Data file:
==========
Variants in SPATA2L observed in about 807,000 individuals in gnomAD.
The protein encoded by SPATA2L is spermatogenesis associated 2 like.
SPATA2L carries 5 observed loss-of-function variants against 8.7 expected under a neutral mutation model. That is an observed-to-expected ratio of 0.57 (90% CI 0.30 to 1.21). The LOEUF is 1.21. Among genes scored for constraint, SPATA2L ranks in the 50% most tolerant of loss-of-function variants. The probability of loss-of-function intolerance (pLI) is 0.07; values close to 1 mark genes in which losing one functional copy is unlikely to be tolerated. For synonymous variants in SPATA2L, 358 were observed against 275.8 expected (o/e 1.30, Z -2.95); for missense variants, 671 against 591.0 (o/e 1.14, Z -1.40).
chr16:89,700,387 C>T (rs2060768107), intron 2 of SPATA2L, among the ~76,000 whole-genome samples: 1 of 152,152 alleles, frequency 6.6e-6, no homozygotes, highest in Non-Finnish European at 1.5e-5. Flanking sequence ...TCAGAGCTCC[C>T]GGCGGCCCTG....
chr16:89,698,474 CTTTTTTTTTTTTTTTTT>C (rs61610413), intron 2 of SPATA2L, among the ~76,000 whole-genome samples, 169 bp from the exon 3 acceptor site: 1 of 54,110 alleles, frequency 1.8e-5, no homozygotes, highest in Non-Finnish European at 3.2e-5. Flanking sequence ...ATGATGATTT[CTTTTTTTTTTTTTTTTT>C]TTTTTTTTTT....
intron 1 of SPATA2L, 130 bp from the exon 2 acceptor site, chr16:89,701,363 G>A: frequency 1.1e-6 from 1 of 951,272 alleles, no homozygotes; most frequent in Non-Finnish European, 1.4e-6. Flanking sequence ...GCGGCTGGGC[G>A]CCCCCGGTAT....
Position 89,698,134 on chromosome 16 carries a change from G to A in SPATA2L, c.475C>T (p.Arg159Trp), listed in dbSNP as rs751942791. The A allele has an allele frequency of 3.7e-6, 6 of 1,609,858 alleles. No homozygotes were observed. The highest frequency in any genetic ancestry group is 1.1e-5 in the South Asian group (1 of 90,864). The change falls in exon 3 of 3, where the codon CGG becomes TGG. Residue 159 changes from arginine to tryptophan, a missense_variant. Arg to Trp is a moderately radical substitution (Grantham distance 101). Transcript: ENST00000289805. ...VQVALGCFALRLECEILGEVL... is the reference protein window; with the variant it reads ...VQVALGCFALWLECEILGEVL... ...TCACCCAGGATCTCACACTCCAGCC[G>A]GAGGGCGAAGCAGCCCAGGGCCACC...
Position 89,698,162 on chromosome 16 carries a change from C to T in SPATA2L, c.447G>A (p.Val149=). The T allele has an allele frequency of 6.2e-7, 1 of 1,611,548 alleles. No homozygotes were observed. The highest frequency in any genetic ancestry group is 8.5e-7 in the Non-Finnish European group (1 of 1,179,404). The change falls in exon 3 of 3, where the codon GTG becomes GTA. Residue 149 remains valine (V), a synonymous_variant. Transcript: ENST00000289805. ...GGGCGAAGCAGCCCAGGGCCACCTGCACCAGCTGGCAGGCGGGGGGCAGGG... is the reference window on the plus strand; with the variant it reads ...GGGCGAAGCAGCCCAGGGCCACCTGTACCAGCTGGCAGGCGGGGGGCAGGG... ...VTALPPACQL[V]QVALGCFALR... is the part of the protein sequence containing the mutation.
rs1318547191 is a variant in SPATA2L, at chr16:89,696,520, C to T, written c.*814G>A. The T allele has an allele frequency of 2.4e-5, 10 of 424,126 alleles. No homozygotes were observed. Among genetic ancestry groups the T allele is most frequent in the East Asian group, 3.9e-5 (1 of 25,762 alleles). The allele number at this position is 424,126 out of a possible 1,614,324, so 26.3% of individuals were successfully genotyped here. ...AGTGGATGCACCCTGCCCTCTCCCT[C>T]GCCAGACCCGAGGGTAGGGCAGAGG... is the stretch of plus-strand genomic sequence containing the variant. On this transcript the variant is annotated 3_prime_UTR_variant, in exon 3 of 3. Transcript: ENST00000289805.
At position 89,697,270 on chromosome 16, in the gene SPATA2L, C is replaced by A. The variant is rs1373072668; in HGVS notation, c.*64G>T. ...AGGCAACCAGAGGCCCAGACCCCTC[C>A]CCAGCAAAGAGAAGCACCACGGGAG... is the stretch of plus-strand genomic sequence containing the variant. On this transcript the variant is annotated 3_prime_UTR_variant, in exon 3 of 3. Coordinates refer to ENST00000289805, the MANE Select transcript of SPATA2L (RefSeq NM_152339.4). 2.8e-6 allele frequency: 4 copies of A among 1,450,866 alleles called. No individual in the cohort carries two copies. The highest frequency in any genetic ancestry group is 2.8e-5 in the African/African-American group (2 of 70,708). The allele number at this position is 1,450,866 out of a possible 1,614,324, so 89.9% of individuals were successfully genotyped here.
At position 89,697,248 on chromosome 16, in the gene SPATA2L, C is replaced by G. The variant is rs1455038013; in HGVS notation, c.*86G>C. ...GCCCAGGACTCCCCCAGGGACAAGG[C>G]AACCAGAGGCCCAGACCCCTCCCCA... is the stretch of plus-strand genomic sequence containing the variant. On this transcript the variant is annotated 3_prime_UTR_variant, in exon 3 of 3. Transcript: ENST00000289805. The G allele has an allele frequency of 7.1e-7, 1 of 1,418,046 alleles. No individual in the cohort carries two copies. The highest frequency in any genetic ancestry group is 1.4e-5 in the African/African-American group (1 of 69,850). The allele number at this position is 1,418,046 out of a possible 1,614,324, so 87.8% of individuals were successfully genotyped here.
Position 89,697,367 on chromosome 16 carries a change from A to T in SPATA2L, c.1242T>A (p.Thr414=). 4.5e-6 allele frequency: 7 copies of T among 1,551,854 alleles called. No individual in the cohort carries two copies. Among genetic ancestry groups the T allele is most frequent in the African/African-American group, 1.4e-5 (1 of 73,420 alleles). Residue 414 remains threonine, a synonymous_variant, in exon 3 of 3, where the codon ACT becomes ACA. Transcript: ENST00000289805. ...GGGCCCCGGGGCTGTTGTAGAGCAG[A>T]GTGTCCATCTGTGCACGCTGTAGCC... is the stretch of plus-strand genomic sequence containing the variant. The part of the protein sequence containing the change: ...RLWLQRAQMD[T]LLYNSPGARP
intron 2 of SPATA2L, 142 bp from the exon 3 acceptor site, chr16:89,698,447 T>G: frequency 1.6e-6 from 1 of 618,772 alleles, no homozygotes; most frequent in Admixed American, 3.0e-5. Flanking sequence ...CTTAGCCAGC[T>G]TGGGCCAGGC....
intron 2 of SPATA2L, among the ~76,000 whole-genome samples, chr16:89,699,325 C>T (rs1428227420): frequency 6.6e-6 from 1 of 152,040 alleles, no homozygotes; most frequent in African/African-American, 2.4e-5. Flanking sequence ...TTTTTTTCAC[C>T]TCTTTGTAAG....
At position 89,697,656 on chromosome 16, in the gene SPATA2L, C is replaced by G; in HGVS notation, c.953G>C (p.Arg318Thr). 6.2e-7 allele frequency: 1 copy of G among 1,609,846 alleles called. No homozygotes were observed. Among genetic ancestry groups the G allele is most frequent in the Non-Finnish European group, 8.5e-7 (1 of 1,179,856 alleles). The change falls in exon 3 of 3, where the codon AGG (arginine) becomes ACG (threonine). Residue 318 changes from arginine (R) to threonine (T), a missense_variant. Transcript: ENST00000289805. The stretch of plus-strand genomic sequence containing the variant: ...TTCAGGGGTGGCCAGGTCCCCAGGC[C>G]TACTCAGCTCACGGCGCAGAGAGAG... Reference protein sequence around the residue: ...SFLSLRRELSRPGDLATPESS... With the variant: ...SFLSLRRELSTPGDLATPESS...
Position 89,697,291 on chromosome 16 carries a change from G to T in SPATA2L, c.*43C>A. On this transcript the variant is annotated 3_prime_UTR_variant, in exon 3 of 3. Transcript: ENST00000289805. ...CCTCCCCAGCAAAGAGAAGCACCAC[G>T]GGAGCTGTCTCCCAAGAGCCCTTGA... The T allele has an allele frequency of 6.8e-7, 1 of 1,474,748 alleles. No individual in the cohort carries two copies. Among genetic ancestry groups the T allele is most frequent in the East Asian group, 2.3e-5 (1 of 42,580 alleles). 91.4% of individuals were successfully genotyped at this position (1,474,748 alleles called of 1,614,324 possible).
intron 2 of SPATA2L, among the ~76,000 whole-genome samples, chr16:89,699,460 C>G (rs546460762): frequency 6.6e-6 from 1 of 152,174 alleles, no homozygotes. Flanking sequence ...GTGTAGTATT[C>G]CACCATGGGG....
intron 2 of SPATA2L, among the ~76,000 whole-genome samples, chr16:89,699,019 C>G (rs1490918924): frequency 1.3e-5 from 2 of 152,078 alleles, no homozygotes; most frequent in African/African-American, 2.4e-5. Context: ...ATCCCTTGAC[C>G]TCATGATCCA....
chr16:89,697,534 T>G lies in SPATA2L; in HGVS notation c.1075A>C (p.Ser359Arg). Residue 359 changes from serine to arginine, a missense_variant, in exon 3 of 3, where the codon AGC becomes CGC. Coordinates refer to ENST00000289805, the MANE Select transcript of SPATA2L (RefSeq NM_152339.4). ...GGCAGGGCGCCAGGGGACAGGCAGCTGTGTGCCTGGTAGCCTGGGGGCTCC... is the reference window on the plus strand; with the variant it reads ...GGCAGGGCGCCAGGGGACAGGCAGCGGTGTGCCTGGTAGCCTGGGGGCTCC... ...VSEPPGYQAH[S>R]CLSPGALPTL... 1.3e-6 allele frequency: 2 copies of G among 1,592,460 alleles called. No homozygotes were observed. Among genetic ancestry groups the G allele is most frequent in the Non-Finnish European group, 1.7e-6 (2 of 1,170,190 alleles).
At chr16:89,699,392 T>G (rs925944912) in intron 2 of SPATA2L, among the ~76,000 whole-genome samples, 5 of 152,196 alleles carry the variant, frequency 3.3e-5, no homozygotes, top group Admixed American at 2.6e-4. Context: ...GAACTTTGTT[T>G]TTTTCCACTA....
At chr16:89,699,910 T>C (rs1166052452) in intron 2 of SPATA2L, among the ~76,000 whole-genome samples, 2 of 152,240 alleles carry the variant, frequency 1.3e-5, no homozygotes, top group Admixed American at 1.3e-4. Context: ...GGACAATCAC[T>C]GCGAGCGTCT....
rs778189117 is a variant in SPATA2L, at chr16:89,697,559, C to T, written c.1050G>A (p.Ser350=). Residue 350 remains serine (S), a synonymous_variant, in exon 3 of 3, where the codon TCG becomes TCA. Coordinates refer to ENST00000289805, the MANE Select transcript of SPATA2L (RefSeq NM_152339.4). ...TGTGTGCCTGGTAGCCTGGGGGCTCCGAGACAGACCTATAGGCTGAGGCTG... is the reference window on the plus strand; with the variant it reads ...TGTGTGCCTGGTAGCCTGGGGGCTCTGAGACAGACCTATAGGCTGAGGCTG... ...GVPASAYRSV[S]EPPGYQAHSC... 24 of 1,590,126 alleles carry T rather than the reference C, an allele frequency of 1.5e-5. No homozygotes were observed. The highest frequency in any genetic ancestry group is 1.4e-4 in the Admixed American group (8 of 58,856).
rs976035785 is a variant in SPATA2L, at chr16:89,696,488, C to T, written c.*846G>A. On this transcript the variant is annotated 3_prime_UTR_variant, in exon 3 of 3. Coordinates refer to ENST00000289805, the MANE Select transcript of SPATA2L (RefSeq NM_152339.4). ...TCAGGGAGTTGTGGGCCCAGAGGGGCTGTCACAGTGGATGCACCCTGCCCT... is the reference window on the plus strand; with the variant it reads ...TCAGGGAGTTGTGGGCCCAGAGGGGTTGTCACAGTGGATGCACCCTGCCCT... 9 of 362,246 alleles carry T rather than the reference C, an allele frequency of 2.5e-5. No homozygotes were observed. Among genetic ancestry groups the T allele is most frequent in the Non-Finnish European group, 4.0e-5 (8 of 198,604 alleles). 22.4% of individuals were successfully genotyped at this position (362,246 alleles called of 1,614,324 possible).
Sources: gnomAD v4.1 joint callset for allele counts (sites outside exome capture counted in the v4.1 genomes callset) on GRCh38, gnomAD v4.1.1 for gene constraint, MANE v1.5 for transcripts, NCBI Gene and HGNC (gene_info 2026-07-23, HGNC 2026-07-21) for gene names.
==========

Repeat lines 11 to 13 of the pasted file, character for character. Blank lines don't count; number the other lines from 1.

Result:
At position 89,697,248 on chromosome 16, in the gene SPATA2L, C is replaced by G. The variant is rs1455038013; in HGVS notation, c.*86G>C. ...GCCCAGGACTCCCCCAGGGACAAGG[C>G]AACCAGAGGCCCAGACCCCTCCCCA... is the stretch of plus-strand genomic sequence containing the variant. On this transcript the variant is annotated 3_prime_UTR_variant, in exon 3 of 3. Transcript: ENST00000289805. The G allele has an allele frequency of 7.1e-7, 1 of 1,418,046 alleles. No individual in the cohort carries two copies. The highest frequency in any genetic ancestry group is 1.4e-5 in the African/African-American group (1 of 69,850). The allele number at this position is 1,418,046 out of a possible 1,614,324, so 87.8% of individuals were successfully genotyped here.
Position 89,697,367 on chromosome 16 carries a change from A to T in SPATA2L, c.1242T>A (p.Thr414=). 4.5e-6 allele frequency: 7 copies of T among 1,551,854 alleles called. No individual in the cohort carries two copies. Among genetic ancestry groups the T allele is most frequent in the African/African-American group, 1.4e-5 (1 of 73,420 alleles). Residue 414 remains threonine, a synonymous_variant, in exon 3 of 3, where the codon ACT becomes ACA. Transcript: ENST00000289805. ...GGGCCCCGGGGCTGTTGTAGAGCAG[A>T]GTGTCCATCTGTGCACGCTGTAGCC... is the stretch of plus-strand genomic sequence containing the variant. The part of the protein sequence containing the change: ...RLWLQRAQMD[T]LLYNSPGARP
intron 2 of SPATA2L, 142 bp from the exon 3 acceptor site, chr16:89,698,447 T>G: frequency 1.6e-6 from 1 of 618,772 alleles, no homozygotes; most frequent in Admixed American, 3.0e-5. Flanking sequence ...CTTAGCCAGC[T>G]TGGGCCAGGC....